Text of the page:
Nightly News   |  July 12, 2010

BP claims czar seeks to calm troubled waters

Attorney Kenneth Feinberg arrived in Pensacola, Florida on Monday armed with promises for a crowd of frustrated business owners whose compensation claims against BP have been reduced or rejected. NBC's Ron Mott reports.

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This content comes from a Full-Text Transcript of the program.

RON MOTT reporting: This is Ron Mott on Pensacola Beach , where Florida 's governor hosted the man who holds the purse strings on the gulf coast escrow fund set up to pay out some $20 billion in oil leak damage claims.

Mr. KENNETH FEINBERG: We're going to accelerate the payments.

MOTT: And attorney Kenneth Feinberg came armed with promises for a crowd of business owners, elected officials and others to calm the waters.

Mr. FEINBERG: The first thing you have to do is listen to what people are saying, the uncertainty financially, the concern, the frustration.

MOTT: Feinberg says claim seekers eventually will be able to file online, will be given six months worth of emergency payments at once rather than monthly checks now distributed, and the process will be simplified. But not so simple for the thousands of claim seekers who generally work for cash like deckhands and day laborers and commercial fishing. About 40 percent of close to 100,000 claims are receiving lowered payouts, being delayed or even being rejected for lack of documentation.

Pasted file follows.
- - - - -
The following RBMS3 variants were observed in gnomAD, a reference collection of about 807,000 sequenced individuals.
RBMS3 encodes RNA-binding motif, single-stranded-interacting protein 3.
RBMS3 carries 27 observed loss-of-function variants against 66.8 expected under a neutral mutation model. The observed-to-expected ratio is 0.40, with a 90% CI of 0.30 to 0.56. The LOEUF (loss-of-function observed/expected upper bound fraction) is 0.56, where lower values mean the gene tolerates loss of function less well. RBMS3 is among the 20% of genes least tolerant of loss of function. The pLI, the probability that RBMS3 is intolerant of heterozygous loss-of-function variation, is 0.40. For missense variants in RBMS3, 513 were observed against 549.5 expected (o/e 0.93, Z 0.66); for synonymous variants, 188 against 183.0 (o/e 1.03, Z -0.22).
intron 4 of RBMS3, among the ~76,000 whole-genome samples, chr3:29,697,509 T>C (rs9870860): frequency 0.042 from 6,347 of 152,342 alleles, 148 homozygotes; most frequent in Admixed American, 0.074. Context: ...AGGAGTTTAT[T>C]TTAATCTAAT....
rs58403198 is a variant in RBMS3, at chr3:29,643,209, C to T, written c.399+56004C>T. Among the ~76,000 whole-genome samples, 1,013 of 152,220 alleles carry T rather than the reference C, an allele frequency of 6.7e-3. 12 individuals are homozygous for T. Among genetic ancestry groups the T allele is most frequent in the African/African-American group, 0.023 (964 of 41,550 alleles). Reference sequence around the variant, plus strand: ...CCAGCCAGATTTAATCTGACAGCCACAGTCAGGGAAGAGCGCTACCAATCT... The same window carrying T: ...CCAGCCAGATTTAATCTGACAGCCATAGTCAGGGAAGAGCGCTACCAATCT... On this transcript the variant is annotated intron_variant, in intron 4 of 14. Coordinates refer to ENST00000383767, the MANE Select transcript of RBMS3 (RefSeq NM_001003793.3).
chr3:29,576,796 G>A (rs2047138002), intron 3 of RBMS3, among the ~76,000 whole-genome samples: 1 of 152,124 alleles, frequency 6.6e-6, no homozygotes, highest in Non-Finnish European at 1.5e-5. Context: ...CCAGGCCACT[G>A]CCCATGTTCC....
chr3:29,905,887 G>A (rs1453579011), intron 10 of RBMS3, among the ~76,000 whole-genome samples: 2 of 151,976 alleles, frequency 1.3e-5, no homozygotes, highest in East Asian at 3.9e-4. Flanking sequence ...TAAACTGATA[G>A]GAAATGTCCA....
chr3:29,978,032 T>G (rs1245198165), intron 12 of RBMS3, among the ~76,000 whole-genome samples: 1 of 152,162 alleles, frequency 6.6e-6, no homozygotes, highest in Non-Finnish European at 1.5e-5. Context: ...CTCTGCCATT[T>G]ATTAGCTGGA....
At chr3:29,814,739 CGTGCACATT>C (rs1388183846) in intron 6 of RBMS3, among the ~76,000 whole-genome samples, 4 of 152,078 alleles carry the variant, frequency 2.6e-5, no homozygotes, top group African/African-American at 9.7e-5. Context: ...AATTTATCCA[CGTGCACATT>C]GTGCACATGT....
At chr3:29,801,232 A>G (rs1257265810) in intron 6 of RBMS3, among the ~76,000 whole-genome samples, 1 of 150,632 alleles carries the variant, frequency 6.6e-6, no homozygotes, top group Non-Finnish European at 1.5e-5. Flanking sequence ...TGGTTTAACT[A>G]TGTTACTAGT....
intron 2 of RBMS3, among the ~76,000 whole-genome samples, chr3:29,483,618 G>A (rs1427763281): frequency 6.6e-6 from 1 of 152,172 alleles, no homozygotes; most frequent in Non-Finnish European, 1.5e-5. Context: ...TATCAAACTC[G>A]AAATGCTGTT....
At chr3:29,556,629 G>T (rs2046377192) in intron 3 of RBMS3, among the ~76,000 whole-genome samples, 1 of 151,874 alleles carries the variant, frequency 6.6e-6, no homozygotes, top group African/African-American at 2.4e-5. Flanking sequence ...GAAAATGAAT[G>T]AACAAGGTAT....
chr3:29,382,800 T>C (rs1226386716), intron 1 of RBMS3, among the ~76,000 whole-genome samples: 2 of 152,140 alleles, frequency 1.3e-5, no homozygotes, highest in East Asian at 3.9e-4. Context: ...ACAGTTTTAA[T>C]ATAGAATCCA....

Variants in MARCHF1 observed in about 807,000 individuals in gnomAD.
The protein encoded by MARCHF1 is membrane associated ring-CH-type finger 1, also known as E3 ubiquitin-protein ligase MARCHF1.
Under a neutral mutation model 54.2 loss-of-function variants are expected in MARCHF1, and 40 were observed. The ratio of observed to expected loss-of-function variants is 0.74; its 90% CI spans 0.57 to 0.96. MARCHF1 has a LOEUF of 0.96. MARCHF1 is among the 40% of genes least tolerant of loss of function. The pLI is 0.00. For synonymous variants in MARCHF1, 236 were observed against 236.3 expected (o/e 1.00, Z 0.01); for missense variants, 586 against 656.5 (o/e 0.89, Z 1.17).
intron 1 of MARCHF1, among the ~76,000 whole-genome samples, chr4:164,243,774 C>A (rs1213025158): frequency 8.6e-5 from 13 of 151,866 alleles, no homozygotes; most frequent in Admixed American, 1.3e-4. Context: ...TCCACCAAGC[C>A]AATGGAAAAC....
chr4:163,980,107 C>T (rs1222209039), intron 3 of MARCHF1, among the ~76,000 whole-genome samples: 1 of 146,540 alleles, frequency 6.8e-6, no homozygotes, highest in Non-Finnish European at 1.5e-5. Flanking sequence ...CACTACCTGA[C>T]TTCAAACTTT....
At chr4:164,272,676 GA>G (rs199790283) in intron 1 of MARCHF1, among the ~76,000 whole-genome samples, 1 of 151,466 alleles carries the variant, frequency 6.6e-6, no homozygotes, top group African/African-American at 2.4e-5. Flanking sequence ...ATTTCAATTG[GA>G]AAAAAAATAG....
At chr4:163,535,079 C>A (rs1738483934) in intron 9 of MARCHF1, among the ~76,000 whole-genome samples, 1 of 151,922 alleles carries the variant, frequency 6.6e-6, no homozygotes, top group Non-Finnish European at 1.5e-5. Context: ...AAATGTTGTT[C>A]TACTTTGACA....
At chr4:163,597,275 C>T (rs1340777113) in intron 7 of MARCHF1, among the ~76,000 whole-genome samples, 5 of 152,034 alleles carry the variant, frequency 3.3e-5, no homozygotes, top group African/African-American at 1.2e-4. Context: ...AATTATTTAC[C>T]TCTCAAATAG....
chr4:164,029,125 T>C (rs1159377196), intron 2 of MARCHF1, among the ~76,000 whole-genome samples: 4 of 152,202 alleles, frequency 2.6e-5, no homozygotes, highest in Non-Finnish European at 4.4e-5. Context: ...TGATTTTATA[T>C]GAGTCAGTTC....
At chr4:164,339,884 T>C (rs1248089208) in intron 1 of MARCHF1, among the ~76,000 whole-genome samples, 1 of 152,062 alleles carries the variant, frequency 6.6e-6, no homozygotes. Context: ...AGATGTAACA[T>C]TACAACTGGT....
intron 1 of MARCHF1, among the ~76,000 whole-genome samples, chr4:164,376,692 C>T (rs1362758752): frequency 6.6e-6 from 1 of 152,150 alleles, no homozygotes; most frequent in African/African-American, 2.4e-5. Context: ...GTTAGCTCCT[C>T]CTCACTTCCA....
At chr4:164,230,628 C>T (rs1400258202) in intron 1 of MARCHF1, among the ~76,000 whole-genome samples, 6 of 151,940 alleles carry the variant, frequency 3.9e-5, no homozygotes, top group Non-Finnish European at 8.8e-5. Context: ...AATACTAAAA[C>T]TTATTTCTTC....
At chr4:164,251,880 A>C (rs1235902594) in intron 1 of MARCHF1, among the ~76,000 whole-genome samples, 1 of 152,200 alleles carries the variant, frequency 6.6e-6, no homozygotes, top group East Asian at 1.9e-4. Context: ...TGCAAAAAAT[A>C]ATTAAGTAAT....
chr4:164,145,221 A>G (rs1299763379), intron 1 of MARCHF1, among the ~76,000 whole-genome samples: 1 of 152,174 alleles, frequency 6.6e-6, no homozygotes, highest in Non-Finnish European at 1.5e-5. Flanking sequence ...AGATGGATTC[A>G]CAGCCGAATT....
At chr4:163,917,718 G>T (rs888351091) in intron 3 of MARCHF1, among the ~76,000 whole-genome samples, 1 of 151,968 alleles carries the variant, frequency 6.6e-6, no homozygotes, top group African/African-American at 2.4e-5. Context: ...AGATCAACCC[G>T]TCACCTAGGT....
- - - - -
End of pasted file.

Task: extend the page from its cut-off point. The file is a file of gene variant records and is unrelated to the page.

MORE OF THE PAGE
Mr. FEINBERG: We will do everything we can to be claimant friendly. They're still going to have to corroborate their claim. I cannot simply cut checks without backup that demonstrates that they're entitled to get paid that amount.

MOTT: One Louisiana shrimper faults the fisherman for their lack of paperwork.

Mr. PETE GERICA (Lake Pontchartrain Fishermens Association President): They got to have something, some kind of record of sales. I mean, it's, you know, it's ridiculous to think that somebody could be working a business making 40, $50,000 a year and don't have any record of it.

MOTT: For government entities seeking claims, Feinberg says BP will continue processing those admissions for the time being , among them Orange Beach , Alabama , whose mayor is still waiting to collect on nearly $2 million in claims for his city.

Mr. TONY KENNON (Orange Beach, Alabama Mayor): It just really makes me angry, especially when I see this $50 million PR spin that -- they didn't have any problem putting that together in a quick time frame to get it on TV , but they can't get the claims paid.

MOTT: Ken Feinberg says tonight he will take control of the individual claims process BP is now handling sometime, Brian , over the next two to three weeks.

WILLIAMS: The anger continues to build. Ron Mott in Florida . Before that, Anne Thompson in Louisiana starting our reporting tonight. Thanks.